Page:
WHAT THE DATA SAY: 70% of Americans worry about AI writing this newsletter in the future

By: Ray Day


Ray Day 

We wanted to share our latest consumer and business insights, based on research from Stagwell. Among the highlights of our weekly consumer sentiment tracking (fielded Mar. 24-26):


Today, 83% of Americans are concerned about the economy and inflation – down 2 points from last week and back near December’s 82% rate.

  • 79% worry about a potential U.S. recession (no change)
  • 78% about U.S. crime rates (down 3 points)
  • 73% about political divisiveness (up 1 point)
  • 71% about the War on Ukraine (down 1 point)
  • 68% about affording their living expenses (down 2 points)
  • 67% about a banking crisis (new)
  • 66% about the solvency of U.S. banks (new)
  • 59% about the security of deposits in banks (new)
  • 55% about a new COVID-19 variant (down 3 points)
  • 46% about losing their jobs (down 7 points)

While Americans remain concerned about inflation, they’re not worried about the recent banking crisis and are divided on the TikTok debate. That’s according to our latest poll with the Center for American Political Studies at Harvard University.

  • 67% agree with the Biden administration’s decision to step in and guarantee all customer deposits from Silicon Valley Bank and other failed banks.
  • 77% of voters think the government should fully insure deposits at all U.S. banks, not just systematically important firms.
  • 71% think the bank failures will affect them “not at all” or “only a little bit.”
  • 67% think the deposits in their own banks are safe.
  • Americans care more about inflation than the banking crisis: 54% believe the Federal Reserve should prioritize fighting inflation even if it means allowing banks to fail and could lead to a financial crisis in the short term.
  • 75% see China as an enemy of the U.S., and 80% think China seeks to replace the U.S. as the key player in global affairs.
  • 55% of voters think Biden’s foreign policy is too weak on China.
  • At the same time, 75% are split on how to handle TikTok: 45% support a ban in the U.S., while 46% support allowing the app with conditions, such as forcing it to undergo regular security reviews or forcing its Chinese owners to sell their stakes.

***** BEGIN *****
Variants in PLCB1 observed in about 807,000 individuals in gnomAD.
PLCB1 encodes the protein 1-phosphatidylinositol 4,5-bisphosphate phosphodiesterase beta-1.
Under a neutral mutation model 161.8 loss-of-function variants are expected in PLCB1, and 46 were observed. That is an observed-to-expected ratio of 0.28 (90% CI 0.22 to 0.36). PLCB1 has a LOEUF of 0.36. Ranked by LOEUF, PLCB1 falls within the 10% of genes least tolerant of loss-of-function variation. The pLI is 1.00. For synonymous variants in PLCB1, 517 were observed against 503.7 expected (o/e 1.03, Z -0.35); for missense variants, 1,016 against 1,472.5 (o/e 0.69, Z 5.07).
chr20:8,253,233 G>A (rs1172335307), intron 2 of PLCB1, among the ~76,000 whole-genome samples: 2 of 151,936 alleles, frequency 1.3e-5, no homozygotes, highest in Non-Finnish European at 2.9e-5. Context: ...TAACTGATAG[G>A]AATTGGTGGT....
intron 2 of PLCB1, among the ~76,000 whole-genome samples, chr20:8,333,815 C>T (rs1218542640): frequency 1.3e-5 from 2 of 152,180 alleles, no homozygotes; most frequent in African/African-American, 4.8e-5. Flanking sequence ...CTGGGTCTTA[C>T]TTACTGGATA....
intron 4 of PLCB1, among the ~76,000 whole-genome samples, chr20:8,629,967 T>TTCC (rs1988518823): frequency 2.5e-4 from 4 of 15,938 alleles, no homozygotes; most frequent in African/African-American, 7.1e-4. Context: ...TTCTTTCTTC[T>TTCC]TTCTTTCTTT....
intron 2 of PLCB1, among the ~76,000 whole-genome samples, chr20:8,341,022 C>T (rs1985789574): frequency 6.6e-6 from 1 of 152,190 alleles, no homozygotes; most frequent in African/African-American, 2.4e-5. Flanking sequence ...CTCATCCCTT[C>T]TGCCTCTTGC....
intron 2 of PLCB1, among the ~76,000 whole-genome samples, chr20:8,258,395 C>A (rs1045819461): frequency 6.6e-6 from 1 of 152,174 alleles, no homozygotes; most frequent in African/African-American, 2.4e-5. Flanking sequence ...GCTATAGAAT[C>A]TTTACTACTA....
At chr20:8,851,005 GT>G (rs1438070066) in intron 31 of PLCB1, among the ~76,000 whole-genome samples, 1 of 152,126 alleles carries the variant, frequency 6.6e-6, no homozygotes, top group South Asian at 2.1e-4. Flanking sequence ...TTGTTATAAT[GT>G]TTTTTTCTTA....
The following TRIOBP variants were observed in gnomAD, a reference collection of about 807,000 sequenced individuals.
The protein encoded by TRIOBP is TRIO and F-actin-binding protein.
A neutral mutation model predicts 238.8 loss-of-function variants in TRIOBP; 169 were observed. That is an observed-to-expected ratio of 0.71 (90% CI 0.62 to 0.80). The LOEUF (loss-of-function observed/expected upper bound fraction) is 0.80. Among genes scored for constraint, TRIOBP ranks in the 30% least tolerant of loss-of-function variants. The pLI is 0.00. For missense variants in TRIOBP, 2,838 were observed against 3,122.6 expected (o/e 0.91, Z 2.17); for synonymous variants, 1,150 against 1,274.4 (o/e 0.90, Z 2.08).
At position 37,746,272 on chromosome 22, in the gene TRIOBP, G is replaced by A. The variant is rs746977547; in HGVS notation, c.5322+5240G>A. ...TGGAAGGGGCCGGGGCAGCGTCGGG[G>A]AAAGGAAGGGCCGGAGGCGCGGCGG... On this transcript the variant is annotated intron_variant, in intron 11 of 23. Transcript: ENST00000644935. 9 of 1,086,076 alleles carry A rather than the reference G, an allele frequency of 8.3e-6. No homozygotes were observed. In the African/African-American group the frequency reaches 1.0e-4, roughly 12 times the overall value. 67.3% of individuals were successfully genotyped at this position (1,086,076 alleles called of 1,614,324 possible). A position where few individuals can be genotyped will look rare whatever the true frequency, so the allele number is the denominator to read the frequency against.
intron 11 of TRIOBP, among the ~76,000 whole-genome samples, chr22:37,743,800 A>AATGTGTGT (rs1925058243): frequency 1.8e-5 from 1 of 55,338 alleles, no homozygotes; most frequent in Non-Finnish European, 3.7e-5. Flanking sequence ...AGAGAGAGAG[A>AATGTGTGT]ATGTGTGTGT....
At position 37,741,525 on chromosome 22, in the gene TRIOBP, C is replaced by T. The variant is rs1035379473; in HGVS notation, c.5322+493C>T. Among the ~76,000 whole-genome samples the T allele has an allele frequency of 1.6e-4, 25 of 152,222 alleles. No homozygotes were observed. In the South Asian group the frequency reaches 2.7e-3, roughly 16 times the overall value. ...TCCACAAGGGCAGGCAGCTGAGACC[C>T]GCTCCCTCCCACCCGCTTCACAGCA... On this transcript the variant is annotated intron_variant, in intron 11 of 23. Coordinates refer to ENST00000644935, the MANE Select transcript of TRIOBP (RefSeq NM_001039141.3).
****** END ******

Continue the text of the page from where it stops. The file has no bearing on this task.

Even as the average American household has seen purchasing power and wealth erode, many are still feeling at least somewhat “wealthy,” according to our poll with Fast Company.

  • 68% of Americans define wealth as comfort and necessities, as opposed to extravagance and excess.
  • 48% say wealth is the ability to comfortably afford necessities like food and shelter with some money left over.
  • 20% indicate that being able to afford necessities alone defines wealth.
  • 11% define wealth as being able to afford “extravagant purchases.”

Generative AI continues to be the headline of 2023 – including in the work place – with 74% of  Americans having used the technology for work-related tasks yet 40% worried that the technology is going to replace them.

  • The C-suite debate about ChatGPT is intense, with 56% of workers reporting their companies already have implemented discussions or restrictions about using ChatGPT.
  • 38% say that the technology will make them more useful in the workplace.
  • 42%, however, believe the new tool will make it harder for them to find a new job – with more than 7 in 10 believing AI will replace roles with a heavy focus on data entry and processing, media and communications, coding and even hiring. Roles expected to be replaced the most: data analysis (77%), data entry and processing (75%), media and communication (74%), content creation (73%), PR (72%), coding (71%), customer service (71%), administrative roles (71%) and hiring (71%).

Caregivers today need support just as much as those they care for, according to our survey with CVS Health.

  • 28% of Americans consider themselves to be caregivers – yet 41% say they never wanted to be a caregiver.
  • 22% are not compensated for their time, with most taking care of children under the age of 18 (40%), aging parents (35%) or caring for a partner or spouse (21%).
  • 47% said that being a caregiver is a financial burden, and 49% report their mental health suffers.
  • 37% said they’ve had to quit their job or cut back on work hours due to caregiving responsibilities – especially younger caregivers (57% for Gen Z and young Millennials).
  • Caregivers also are making sacrifices in their personal lives: 45% have spent less time participating in their hobbies, have seen their friends less (39%), are falling behind on managing their health (34%), rearranged their home to accommodate people they care for (29%) and have formed unhealthy lifestyle habits (28%).

In case you missed it, check out some of the thought-leadership and happenings around Stagwell making news:




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